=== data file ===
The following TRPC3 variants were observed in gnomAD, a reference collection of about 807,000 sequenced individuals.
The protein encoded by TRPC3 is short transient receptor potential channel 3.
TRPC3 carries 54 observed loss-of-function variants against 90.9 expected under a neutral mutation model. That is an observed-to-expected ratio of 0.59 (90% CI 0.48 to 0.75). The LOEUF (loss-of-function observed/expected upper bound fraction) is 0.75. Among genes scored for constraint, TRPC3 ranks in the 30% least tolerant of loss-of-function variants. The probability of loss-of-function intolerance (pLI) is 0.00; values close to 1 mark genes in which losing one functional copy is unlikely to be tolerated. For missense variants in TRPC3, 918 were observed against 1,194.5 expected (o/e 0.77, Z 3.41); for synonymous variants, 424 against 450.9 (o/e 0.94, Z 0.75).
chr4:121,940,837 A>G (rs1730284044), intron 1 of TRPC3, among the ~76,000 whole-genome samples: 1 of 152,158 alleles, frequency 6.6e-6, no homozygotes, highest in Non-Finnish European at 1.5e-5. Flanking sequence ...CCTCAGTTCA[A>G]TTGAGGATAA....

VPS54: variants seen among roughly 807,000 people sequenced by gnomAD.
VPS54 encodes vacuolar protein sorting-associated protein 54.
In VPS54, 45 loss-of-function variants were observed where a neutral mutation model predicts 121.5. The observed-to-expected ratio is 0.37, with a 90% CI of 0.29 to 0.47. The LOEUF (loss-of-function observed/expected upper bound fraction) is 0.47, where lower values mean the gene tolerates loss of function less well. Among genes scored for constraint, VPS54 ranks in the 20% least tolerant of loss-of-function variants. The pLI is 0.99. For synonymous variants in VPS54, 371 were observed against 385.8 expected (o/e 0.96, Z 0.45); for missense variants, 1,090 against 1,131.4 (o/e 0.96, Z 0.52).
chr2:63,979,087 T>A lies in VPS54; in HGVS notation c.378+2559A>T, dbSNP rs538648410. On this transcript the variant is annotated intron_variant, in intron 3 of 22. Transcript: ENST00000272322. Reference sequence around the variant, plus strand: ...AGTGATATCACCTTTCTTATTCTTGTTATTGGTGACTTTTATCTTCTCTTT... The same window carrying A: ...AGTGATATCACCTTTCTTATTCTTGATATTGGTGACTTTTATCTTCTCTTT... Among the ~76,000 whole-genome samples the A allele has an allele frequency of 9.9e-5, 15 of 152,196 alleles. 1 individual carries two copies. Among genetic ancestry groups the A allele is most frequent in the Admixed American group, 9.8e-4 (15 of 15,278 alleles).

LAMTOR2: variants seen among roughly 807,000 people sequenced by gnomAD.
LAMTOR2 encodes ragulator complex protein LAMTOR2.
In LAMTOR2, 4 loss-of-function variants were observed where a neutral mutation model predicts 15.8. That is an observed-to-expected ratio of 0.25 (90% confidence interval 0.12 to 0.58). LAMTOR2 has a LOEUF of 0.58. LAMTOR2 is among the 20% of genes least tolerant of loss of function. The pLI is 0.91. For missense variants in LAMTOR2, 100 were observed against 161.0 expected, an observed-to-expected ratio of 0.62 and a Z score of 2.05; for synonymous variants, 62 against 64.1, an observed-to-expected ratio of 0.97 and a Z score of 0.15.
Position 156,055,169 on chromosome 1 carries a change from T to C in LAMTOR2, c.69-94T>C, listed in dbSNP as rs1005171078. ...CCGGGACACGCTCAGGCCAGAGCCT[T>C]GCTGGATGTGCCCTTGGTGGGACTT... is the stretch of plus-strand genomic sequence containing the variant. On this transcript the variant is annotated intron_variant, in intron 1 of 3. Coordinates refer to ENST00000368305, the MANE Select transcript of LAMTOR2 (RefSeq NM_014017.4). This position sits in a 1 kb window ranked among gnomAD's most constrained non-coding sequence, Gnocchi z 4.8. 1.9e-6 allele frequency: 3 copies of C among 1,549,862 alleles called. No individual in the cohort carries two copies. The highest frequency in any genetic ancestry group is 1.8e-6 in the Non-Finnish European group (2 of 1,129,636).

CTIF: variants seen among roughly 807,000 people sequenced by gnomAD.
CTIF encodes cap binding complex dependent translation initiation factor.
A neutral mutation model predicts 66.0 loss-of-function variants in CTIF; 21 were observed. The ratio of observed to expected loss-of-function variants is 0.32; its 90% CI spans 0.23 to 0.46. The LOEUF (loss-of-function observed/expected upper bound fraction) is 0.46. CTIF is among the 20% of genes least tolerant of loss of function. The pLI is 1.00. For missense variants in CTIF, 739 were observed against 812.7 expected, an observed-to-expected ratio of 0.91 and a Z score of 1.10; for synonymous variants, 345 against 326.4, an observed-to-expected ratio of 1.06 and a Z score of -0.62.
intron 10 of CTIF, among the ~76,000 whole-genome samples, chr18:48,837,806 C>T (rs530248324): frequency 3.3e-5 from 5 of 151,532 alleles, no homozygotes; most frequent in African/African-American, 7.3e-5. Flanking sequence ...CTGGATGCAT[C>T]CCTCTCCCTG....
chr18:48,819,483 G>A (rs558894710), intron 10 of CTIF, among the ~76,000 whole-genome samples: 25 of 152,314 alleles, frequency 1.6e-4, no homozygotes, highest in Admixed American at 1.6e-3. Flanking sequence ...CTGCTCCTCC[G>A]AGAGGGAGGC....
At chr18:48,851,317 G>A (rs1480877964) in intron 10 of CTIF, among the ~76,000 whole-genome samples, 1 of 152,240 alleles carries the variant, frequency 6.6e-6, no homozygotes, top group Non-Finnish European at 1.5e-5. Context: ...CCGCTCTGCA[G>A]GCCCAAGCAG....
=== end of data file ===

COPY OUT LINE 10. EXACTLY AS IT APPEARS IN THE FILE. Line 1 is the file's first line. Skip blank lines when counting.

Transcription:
LAMTOR2 encodes ragulator complex protein LAMTOR2.